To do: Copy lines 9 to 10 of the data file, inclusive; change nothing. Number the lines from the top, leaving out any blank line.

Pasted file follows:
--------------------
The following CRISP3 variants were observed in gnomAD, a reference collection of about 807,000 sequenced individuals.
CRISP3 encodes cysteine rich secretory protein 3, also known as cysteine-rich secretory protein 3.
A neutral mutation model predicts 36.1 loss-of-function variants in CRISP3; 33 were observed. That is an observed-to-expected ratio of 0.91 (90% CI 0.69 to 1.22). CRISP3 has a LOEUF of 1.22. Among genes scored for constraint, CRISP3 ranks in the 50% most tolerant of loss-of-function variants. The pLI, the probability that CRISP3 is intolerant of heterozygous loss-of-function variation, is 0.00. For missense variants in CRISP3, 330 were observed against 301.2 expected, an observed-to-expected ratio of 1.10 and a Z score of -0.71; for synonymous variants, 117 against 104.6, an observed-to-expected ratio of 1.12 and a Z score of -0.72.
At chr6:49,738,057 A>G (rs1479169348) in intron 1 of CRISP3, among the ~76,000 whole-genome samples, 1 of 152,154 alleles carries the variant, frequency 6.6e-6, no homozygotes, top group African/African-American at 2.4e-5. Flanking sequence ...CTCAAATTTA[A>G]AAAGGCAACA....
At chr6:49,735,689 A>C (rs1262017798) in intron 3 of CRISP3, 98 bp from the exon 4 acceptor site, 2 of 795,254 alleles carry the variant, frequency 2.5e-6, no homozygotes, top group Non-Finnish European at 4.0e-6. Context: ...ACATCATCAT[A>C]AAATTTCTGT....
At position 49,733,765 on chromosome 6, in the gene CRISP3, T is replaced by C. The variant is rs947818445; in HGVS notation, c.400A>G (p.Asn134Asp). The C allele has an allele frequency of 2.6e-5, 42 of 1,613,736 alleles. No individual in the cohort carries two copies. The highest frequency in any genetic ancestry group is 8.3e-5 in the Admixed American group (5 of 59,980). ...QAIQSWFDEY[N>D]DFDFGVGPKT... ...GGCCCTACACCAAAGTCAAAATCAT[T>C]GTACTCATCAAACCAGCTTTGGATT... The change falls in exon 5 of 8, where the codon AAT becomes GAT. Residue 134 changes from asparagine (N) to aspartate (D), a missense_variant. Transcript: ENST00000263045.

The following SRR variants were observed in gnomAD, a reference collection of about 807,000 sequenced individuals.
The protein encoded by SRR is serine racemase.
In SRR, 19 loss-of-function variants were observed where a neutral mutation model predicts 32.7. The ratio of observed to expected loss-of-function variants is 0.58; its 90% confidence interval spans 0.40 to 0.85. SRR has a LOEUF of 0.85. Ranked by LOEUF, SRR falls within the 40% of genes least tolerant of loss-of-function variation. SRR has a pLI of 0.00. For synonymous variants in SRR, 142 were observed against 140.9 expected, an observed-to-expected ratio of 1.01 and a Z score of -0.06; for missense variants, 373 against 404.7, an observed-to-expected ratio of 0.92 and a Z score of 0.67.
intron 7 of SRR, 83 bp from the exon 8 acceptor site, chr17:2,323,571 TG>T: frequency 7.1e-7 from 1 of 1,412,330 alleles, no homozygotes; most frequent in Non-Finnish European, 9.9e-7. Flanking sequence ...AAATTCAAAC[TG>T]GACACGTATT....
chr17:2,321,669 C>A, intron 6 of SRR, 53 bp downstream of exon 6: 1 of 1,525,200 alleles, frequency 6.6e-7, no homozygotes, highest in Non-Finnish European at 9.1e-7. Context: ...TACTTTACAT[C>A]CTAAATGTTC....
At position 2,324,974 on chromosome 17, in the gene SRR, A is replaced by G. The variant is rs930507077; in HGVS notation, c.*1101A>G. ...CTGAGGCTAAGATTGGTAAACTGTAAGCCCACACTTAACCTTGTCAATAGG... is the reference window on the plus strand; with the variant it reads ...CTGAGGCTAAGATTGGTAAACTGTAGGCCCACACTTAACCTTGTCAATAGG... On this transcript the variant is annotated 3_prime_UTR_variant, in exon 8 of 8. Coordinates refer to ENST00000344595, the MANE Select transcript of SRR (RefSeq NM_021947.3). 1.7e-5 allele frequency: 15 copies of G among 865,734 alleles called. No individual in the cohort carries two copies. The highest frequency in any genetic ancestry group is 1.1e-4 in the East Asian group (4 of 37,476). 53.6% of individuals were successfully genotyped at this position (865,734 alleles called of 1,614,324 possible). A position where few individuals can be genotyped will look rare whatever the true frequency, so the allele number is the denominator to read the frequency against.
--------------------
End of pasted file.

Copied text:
In SRR, 19 loss-of-function variants were observed where a neutral mutation model predicts 32.7. The ratio of observed to expected loss-of-function variants is 0.58; its 90% confidence interval spans 0.40 to 0.85. SRR has a LOEUF of 0.85. Ranked by LOEUF, SRR falls within the 40% of genes least tolerant of loss-of-function variation. SRR has a pLI of 0.00. For synonymous variants in SRR, 142 were observed against 140.9 expected, an observed-to-expected ratio of 1.01 and a Z score of -0.06; for missense variants, 373 against 404.7, an observed-to-expected ratio of 0.92 and a Z score of 0.67.
intron 7 of SRR, 83 bp from the exon 8 acceptor site, chr17:2,323,571 TG>T: frequency 7.1e-7 from 1 of 1,412,330 alleles, no homozygotes; most frequent in Non-Finnish European, 9.9e-7. Flanking sequence ...AAATTCAAAC[TG>T]GACACGTATT....